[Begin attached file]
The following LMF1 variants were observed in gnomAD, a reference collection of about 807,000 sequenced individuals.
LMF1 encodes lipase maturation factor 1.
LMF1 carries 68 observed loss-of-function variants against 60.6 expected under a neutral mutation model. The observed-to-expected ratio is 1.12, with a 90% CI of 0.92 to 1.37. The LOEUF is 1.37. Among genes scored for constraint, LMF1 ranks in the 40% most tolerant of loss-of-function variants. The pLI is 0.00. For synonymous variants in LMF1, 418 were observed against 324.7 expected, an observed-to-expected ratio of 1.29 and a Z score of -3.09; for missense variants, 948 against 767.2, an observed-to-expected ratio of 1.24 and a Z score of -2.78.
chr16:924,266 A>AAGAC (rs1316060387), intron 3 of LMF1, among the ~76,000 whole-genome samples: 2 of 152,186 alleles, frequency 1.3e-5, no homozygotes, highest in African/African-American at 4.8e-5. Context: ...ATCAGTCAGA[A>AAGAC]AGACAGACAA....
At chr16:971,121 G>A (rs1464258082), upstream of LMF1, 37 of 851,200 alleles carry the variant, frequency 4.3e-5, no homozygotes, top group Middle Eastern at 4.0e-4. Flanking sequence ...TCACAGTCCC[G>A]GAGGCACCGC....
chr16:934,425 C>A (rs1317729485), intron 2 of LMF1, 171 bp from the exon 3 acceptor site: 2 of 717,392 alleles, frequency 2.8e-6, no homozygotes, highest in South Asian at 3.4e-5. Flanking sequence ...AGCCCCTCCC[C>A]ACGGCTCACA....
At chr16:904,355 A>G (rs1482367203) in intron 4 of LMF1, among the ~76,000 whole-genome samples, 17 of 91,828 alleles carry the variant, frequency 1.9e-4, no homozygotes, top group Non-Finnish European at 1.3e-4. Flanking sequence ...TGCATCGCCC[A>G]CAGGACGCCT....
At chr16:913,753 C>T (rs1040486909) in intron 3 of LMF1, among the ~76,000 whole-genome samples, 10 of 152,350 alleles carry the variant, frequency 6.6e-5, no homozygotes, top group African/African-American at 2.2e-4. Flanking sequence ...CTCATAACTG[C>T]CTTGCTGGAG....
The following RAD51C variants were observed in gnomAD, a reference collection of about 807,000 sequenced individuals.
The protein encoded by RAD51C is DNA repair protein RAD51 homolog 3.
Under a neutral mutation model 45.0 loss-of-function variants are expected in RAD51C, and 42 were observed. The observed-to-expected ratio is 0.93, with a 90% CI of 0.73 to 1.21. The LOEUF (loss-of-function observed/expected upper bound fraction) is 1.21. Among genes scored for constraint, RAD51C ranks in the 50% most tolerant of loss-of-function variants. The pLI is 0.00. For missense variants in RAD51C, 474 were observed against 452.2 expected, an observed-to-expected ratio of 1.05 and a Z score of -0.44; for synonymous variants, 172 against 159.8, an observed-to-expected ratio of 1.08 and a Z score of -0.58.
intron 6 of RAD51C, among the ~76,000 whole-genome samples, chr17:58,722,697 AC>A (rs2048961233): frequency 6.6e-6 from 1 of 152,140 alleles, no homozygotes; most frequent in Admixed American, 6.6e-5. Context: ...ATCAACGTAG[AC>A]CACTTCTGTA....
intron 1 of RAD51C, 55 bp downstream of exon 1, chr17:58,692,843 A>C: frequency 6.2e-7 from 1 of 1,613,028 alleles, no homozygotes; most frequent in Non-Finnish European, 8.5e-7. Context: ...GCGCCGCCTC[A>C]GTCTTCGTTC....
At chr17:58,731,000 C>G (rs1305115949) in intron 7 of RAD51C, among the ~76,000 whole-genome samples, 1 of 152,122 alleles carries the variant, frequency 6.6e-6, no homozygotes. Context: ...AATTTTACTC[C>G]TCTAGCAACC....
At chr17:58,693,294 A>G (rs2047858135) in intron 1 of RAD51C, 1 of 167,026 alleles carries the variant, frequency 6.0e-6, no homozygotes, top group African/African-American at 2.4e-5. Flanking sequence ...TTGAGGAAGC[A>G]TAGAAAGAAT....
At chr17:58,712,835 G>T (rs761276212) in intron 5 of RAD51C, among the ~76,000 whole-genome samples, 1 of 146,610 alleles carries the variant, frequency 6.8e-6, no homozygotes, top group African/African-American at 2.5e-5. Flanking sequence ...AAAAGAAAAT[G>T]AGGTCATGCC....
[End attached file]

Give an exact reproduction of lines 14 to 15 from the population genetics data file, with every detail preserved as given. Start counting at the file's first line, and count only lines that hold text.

At chr17:58,731,000 C>G (rs1305115949) in intron 7 of RAD51C, among the ~76,000 whole-genome samples, 1 of 152,122 alleles carries the variant, frequency 6.6e-6, no homozygotes. Context: ...AATTTTACTC[C>G]TCTAGCAACC....
At chr17:58,693,294 A>G (rs2047858135) in intron 1 of RAD51C, 1 of 167,026 alleles carries the variant, frequency 6.0e-6, no homozygotes, top group African/African-American at 2.4e-5. Flanking sequence ...TTGAGGAAGC[A>G]TAGAAAGAAT....